The Journey From Reef to Red Lobster

By P. Arana and Daniel Rath

"Belize's magnificent barrier reef and outer atolls provide employment for about 1500 fishermen and their families through cooperatives that sell to restaurants like Red Lobster". It was this part of the speech delivered by Honorable Servulo Baeza, Minister of Agriculture and Fisheries, that caught my attention at the opening of Caye Caulker's annual lobsterfest. A short time later, in his address, Minister of Tourism and Culture, Honorable Mark Espat, mentioned the hard working fisher folk who would not be at the Caye Caulker Lobsterfest, but who would instead be driving a 13 million dollar fisheries industry. At that point I knew that there was more to the Caye Caulker Lobsterfest than just the partying.

Yes, the plan had been to come enjoy Lobsterfest on La Isla Carinosa of Caye Caulker. And yes, we were supposed to capture people enjoying Belize's favorite shellfish, the spiny lobster, and to join Caye Cauqueœos in celebrating an industry that has sustained their island throughout its history. But... well... you see, during the opening ceremonies that morning, plans kinda changed.

JC, I'm sorry I forgot to notify you. I apologize for saying I'd be right back but didn't return. I really didn't intend for you to be worried about me as I pedaled around the island. It's just that I had to find the story behind the Lobsterfest. I'm sure that when you hear it you'll understand.

After I left you I went to Marin's Restaurant where I sat down to talk to Mrs. Marin. Boy! Lemme tell you, that woman painted a vivid picture of life in Caye Caulker when she was a little girl. After a while I wondered if she would get to fishing, but she didn't keep me waiting for too long.

Caye Caulker has always been a fishing village. When Mrs. Marin was a little girl, her father used to have a smack, something like a small sailboat. In the center and at the bottom of the smack were holes about 1.5 inches in diameter. Sea water would seep into the boat through these holes and form a "sea" well at the center of the boat. Each time her father would catch fish, he would put them in the well. After about 8 days of fishing on the atolls, he would take the fish to Belize City to sell. The journey to Belize City was an adventure in and of itself. Since outboard motors didn't exist yet, the fishermen relied on the wind. A journey which now takes 45 minutes would, back then, be completed in about four to six hours, if winds were favorable. Since technically speaking they were still in the sea, the fish in the smack would arrive at the Belize City harbor alive and flipping.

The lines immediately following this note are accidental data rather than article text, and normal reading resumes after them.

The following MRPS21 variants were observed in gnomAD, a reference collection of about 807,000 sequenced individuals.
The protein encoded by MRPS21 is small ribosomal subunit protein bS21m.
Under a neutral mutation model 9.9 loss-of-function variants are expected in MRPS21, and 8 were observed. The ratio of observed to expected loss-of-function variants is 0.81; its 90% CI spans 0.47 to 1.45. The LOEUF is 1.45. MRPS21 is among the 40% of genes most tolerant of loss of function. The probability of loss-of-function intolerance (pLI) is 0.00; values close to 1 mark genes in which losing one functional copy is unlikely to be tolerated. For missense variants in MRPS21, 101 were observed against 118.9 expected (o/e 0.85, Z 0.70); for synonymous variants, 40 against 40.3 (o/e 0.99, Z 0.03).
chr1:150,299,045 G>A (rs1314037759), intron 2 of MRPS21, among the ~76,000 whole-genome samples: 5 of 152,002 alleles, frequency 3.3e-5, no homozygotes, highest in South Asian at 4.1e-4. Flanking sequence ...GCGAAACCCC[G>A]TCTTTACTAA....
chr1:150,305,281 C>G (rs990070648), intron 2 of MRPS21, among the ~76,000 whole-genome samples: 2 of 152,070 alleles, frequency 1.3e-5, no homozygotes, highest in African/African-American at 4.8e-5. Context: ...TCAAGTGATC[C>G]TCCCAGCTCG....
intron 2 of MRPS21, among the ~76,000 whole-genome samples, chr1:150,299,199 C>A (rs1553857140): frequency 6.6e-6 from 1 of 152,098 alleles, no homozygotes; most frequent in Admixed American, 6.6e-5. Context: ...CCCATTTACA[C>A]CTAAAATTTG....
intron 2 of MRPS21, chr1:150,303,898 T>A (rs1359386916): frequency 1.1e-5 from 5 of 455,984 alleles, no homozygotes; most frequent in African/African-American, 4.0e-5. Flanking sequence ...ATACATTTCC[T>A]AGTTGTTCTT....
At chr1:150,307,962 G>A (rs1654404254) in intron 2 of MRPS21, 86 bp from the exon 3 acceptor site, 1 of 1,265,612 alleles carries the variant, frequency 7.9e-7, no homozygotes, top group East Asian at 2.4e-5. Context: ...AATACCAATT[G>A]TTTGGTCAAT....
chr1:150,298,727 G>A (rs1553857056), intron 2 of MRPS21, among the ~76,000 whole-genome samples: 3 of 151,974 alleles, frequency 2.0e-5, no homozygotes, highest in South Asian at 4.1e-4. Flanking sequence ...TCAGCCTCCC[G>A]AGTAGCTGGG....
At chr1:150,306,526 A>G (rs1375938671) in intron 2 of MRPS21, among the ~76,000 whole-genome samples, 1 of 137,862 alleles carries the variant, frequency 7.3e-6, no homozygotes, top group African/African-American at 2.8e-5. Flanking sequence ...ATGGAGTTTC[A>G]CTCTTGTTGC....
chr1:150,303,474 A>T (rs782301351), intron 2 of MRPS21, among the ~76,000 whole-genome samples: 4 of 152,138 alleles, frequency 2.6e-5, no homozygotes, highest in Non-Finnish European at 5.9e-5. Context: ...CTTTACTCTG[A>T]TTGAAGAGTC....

Grateful for her valuable oral history and her advice, I headed to the leeward section of the island. As Mrs. Marin had predicted, I saw stacks of lobster traps made from Palmetto palm. I could see some traps lying at the bottom, of the translucent water.

Next to the pier was another type of boat, a sand lighter. This one had what appeared to be a wide flat bottom, and distended sides, like a banana. Inside three men were busy shoveling sand from the boat to the shore. I just had to stop and get their story. Turned out they had left Caye Caulker sometime after four in the morning en route to the Sibun River which is about 6 miles from Belize City. They had spent the day filling their boat with sand, deposited at the mouth of the river. Now they were unloading the sand, which they would sell to villagers who use the sand for construction. I found it peculiar for people to journey from a place made of sand to get sand from a location 30 miles away. I was about to point this out when, on the other side of the pier, I saw a fishing boat being moored.

The boat was called La Emerita and had just come from Long Caye, one of the main islands of the Lighthouse Reef Atoll. I watched the crew of five disembark and bid the men shoveling sand farewell before ambling over to La Emerita to have a little chat with the crew. The captain, Danny, was all too willing to give me a tour of the boat and tell me about his trip. All 5 fishermen had traveled 17 hours from Sarteneja to Lighthouse Reef and had lived on the boat for 8 whole days! They spent their days diving for lobster - without using gear - and spent the nights moored off Long Caye. Can you imagine? If you could have seen how tiny their sleeping area at the bow of the boat was, you would share my amazement at hearing this. It looked like there was hardly enough room for 2 people, let alone 5.

The kichen on La Emerita fishing boat that is used in lobster harvestingOn our way to the even tinier kitchen area at the stern, we crossed over a tarpaulin-covered hump in the center of the boat. This turned out to be a freezer used to preserve their catch. Piled right next to the freezer were a number of dories or canoes. I just didn't know what to make of this humble and sincere man who was trying to make me understand that for him what I perceived as such an incredible feat is merely an everyday experience. Danny didn't know about the formation of the Northern Fishermen's Co-operative, but did share that his father had been part of the short-lived Sarteneja Fisherman's Co-operative. Then he directed me to the receiving offices of Northern Fishermen's.